One day, he wandered into the patients' common room and picked up a Reader's Digest. He noticed an article called "Maybe You Can Do It, Too." It was about alcoholism, and the author drank the way Ian drank, felt the way he felt, and thought the way he thought. Ian was immediately able to identify. The article said that anyone who had a problem with alcohol and wanted help could write to GSO, New York, and the address followed.
This Ian did, and soon back came a letter from Bobbie of GSO, along with a copy of the Big Book, Alcoholics Anonymous. The book came with the compliments of an American businessman, who had spent some years in New Zealand.
In Bobbie's letter, she said words to this effect: "We don't know if this thing will work by mail or not; we see no reason why it shouldn't. On one of our walls here, we have a map of the world, and a flag is pinned on all the countries where AA is to be found. As far as New Zealand is concerned, you are it. Goodbye and God bless you." That was in 1946.
Ian used the Big Book as an instruction manual, and tried to do what it said about the Steps. It took him a year to get anywhere near a contented sobriety. His wife had noticed that his drinking was always associated with tension, and so, whenever tension came Ian's way, he would do two things: take out the book and go through the Steps again to see where he was going wrong, and write to Bobbie and tell her how he felt. Always, the tension vanished. "Even when I popped the letter to Bobbie in the postal box, I felt better." Her replies would come back, and they were so accurate regarding his problems that for a long time he suspected Heather was writing to Bobbie on the sly.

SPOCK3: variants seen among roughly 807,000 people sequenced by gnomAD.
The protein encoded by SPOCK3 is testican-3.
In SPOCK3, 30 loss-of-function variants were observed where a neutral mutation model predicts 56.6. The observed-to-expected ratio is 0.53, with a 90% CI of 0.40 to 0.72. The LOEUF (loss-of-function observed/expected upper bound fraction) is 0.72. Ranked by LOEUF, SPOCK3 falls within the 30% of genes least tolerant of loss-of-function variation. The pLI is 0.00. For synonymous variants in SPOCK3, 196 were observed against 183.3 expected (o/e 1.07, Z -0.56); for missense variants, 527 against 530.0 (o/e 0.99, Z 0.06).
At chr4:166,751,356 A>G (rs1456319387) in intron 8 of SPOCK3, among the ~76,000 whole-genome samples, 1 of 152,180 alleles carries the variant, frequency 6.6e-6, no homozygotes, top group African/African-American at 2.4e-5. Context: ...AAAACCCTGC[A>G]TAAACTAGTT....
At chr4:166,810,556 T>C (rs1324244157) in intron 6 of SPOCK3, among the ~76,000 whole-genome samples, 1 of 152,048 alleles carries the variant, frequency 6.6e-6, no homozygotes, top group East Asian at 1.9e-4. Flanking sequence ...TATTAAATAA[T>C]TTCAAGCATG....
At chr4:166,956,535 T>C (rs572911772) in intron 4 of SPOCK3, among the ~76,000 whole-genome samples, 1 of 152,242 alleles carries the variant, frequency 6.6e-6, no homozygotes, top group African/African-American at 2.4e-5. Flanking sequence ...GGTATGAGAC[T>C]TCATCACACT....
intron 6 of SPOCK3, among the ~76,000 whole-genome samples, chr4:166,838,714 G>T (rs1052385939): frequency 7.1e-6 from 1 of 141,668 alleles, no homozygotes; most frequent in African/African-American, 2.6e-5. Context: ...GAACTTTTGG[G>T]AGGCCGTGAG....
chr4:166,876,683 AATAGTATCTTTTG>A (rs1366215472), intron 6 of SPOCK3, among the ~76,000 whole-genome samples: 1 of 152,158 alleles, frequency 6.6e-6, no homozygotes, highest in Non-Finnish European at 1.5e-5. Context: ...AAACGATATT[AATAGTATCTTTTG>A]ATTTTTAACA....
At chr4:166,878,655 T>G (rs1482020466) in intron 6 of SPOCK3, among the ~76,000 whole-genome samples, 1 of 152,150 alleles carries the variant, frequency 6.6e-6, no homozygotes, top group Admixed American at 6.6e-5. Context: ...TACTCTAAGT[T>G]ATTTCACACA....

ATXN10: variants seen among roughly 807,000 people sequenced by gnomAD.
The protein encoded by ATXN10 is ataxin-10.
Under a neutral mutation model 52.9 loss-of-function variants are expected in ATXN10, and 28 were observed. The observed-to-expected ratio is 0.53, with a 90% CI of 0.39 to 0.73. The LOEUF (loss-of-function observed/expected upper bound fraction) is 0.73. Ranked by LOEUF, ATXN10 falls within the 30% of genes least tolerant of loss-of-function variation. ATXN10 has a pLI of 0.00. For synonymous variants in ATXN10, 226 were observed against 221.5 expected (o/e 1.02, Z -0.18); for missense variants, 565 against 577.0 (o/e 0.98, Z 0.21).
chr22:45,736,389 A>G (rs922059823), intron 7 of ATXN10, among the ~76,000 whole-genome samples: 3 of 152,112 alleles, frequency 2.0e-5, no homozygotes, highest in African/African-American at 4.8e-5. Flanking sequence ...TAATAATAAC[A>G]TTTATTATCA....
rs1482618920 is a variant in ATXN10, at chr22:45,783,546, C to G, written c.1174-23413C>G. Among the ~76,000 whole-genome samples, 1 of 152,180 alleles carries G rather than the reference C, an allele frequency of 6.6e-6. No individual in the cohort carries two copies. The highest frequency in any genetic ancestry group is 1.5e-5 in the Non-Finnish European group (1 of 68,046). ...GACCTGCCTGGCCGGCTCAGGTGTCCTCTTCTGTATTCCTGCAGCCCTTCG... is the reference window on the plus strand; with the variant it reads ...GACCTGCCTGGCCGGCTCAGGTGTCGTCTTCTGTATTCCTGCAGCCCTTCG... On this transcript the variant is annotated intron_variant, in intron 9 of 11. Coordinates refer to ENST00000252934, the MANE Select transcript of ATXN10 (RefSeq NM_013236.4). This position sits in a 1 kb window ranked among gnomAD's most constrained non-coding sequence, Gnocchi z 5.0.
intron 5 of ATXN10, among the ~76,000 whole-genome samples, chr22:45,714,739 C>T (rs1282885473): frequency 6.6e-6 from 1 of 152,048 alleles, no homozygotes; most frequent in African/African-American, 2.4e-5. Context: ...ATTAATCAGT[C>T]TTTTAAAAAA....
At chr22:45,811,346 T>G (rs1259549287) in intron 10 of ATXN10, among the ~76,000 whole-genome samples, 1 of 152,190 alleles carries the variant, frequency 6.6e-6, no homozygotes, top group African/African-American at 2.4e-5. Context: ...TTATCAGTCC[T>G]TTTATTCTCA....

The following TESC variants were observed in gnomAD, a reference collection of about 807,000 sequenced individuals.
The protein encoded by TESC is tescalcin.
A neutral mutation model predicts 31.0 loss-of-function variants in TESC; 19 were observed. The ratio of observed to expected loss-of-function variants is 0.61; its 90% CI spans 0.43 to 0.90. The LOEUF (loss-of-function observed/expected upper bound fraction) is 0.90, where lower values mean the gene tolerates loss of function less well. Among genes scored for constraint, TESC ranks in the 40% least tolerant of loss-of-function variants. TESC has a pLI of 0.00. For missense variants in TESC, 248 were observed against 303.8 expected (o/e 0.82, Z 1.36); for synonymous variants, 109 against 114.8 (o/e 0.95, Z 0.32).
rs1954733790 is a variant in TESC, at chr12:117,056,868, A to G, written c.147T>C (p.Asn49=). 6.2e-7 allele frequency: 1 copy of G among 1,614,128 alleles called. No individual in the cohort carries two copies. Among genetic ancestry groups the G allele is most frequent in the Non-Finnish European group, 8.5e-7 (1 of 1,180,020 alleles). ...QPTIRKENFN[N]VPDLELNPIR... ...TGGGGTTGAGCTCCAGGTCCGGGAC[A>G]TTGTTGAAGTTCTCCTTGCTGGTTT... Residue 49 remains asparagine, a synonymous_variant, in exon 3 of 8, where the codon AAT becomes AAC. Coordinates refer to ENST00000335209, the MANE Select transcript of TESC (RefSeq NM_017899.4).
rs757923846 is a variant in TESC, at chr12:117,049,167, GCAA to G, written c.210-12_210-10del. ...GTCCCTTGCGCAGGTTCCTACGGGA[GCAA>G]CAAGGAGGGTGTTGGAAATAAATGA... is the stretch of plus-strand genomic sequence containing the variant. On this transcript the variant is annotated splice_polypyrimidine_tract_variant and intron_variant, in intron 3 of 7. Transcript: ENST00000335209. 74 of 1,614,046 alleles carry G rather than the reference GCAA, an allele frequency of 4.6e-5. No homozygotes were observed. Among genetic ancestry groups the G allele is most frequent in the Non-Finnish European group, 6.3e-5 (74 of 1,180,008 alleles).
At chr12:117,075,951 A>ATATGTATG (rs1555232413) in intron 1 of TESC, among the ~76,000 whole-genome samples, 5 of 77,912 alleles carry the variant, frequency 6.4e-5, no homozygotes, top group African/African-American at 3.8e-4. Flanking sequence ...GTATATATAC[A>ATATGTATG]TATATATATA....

So he read on, absorbing it all, accepting it all, and trying to do as the book suggested. Then he came to Chapter 7, "Working With Others," where it says, "Practical experience shows that nothing will so much insure immunity from drinking as intensive work with other alcoholics." He read the chapter very carefully and then sought out other alcoholics--which wasn't very difficult. Some of the practicing alcoholics used to come and stay on the farm with Ian and Heather. They soon found one Big Book was insufficient, so they imported five more. The five prospects would sit down, read, and discuss the Big Book with Ian. Few achieved sobriety.
Then Ian received word from GSO that a March of Time film with a comprehensive survey on alcoholism would be shown in New Zealand. A good portion of this film was devoted to AA. Ian got busy and told anyone he could about this film. Then Lillian R. and her husband Bert visited New Zealand. Lillian was on the comeback trail in show business, and her show opened in Auckland. To meet them, Ian traveled the 450 miles from Wellington, where he now lived. He learned much about AA from them--especially from Bert, who had been sober seven years. In addition, Ian told anyone and everyone who would listen that recovery from alcoholism was possible in AA.